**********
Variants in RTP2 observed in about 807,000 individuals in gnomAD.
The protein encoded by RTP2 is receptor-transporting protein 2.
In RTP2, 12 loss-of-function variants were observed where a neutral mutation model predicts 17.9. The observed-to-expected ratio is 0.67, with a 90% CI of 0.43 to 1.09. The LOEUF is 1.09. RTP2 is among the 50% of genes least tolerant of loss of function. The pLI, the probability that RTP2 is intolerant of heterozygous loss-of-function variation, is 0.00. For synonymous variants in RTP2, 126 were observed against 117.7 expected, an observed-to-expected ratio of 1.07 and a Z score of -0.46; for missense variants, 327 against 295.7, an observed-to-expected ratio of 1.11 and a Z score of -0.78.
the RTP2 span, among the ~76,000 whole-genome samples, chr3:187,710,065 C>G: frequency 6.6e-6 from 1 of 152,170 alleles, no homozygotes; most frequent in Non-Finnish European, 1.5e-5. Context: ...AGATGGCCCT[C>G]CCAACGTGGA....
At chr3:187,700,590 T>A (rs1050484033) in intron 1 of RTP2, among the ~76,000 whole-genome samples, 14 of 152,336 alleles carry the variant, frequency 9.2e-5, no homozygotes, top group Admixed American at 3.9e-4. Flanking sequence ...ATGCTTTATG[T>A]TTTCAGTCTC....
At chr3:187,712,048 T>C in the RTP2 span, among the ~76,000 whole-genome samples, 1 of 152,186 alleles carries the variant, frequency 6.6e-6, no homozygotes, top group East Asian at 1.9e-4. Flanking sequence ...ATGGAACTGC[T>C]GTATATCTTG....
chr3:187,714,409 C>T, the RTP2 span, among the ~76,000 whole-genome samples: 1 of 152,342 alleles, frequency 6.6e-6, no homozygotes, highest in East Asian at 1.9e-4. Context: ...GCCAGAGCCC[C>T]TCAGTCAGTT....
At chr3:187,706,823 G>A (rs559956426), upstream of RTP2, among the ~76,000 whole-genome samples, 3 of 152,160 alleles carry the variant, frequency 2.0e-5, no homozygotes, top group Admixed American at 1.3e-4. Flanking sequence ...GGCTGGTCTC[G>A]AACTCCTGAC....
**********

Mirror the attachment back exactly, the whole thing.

Variants in RTP2 observed in about 807,000 individuals in gnomAD.
The protein encoded by RTP2 is receptor-transporting protein 2.
In RTP2, 12 loss-of-function variants were observed where a neutral mutation model predicts 17.9. The observed-to-expected ratio is 0.67, with a 90% CI of 0.43 to 1.09. The LOEUF is 1.09. RTP2 is among the 50% of genes least tolerant of loss of function. The pLI, the probability that RTP2 is intolerant of heterozygous loss-of-function variation, is 0.00. For synonymous variants in RTP2, 126 were observed against 117.7 expected, an observed-to-expected ratio of 1.07 and a Z score of -0.46; for missense variants, 327 against 295.7, an observed-to-expected ratio of 1.11 and a Z score of -0.78.
the RTP2 span, among the ~76,000 whole-genome samples, chr3:187,710,065 C>G: frequency 6.6e-6 from 1 of 152,170 alleles, no homozygotes; most frequent in Non-Finnish European, 1.5e-5. Context: ...AGATGGCCCT[C>G]CCAACGTGGA....
At chr3:187,700,590 T>A (rs1050484033) in intron 1 of RTP2, among the ~76,000 whole-genome samples, 14 of 152,336 alleles carry the variant, frequency 9.2e-5, no homozygotes, top group Admixed American at 3.9e-4. Flanking sequence ...ATGCTTTATG[T>A]TTTCAGTCTC....
At chr3:187,712,048 T>C in the RTP2 span, among the ~76,000 whole-genome samples, 1 of 152,186 alleles carries the variant, frequency 6.6e-6, no homozygotes, top group East Asian at 1.9e-4. Flanking sequence ...ATGGAACTGC[T>C]GTATATCTTG....
chr3:187,714,409 C>T, the RTP2 span, among the ~76,000 whole-genome samples: 1 of 152,342 alleles, frequency 6.6e-6, no homozygotes, highest in East Asian at 1.9e-4. Context: ...GCCAGAGCCC[C>T]TCAGTCAGTT....
At chr3:187,706,823 G>A (rs559956426), upstream of RTP2, among the ~76,000 whole-genome samples, 3 of 152,160 alleles carry the variant, frequency 2.0e-5, no homozygotes, top group Admixed American at 1.3e-4. Flanking sequence ...GGCTGGTCTC[G>A]AACTCCTGAC....